A “URIError” exception is thrown by methods such as encodeURI() and decodeURI() when they encounter a malformed URI.  The following example generates a “URIError” while attempting to decode the string “%”.  The “%” character represents the beginning of a URI escape sequence.  Since nothing follows the “%” in this example, the string is an invalid escape sequence, and therefore a malformed URI component.

decodeURIComponent("%"); // URIError


“EvalError” exceptions are thrown when the eval() function is used improperly.  These exceptions are not used in the most recent version of the EcmaScript standard.  However, they are still supported in order to maintain backwards compatibility with older versions of the standard.

Handling Exceptions

Now that we know what exceptions are, it’s time to learn how to stop them from crashing our programs.  JavaScript handles exceptions via the “try…catch…finally” statement.  A generic example statement is shown below.

try {
  // attempt to execute this code
} catch (exception) {
  // this code handles exceptions
} finally {
  // this code always gets executed

The first part of a “try…catch…finally” statement is the “try” clause.  The “try” clause is mandatory, and is used to delimit a block of code that the programmer suspects could generate an exception.  The “try” clause must be followed by one or both of the “catch” and “finally” clauses.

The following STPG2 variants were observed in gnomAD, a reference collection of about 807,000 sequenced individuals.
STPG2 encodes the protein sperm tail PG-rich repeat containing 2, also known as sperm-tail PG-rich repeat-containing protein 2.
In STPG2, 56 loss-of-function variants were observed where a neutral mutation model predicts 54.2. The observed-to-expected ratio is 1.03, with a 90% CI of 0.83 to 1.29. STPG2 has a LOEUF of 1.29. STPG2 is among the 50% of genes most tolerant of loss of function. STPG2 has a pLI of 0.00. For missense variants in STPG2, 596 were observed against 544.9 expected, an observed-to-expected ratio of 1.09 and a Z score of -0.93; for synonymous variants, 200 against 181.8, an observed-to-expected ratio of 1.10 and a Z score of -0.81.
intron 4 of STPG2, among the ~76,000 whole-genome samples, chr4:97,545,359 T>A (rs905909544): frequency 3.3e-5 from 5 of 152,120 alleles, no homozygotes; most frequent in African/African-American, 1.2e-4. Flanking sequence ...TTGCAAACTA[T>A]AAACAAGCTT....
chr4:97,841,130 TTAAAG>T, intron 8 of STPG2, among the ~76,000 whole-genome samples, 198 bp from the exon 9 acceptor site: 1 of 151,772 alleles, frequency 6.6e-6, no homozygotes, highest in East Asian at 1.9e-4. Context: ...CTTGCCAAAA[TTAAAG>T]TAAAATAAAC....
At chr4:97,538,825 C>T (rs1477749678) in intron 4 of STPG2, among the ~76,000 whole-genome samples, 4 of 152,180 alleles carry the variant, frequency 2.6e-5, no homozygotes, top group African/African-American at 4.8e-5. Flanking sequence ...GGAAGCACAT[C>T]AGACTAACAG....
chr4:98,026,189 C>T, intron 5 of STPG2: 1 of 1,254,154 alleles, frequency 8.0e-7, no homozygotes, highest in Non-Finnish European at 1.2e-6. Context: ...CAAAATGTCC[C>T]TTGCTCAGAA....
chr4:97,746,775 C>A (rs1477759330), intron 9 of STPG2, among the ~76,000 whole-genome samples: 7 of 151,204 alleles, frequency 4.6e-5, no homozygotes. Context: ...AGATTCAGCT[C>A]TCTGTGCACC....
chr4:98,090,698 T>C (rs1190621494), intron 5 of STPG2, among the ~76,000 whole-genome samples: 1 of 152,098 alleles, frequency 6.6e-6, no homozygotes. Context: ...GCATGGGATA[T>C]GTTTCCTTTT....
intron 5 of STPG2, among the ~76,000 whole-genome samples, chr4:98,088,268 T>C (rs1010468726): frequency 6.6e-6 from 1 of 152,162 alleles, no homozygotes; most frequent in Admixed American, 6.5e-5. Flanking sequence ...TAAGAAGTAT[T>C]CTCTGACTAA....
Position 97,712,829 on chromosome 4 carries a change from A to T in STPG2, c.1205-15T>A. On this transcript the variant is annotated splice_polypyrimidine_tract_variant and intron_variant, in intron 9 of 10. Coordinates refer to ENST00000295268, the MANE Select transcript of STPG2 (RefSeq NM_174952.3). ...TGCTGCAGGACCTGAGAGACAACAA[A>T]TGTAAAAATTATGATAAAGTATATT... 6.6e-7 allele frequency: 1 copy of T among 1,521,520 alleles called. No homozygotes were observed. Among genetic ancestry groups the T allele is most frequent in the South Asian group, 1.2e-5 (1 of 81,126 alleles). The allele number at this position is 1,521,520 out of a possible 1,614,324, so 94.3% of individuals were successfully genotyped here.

The “catch” Clause

The second part of “try…catch…finally” is the “catch” clause.  The “catch” clause is a block of code that is only executed if an exception occurs in the “try” clause.  Although the “catch” clause is optional, it isn’t possible to truly handle an exception without one.  This is because the “catch” clause stops the exception from propagating through the call stack, allowing the program to recover.  If an exception occurs within the “try” block, then control is immediately passed to the “catch” clause.  The exception that occurred is also passed to the “catch” block for processing.  The following example shows how a “catch” clause is used to handle a “ReferenceError”.  Note that the “ReferenceError” object is available in the “catch” clause via the “exception” variable.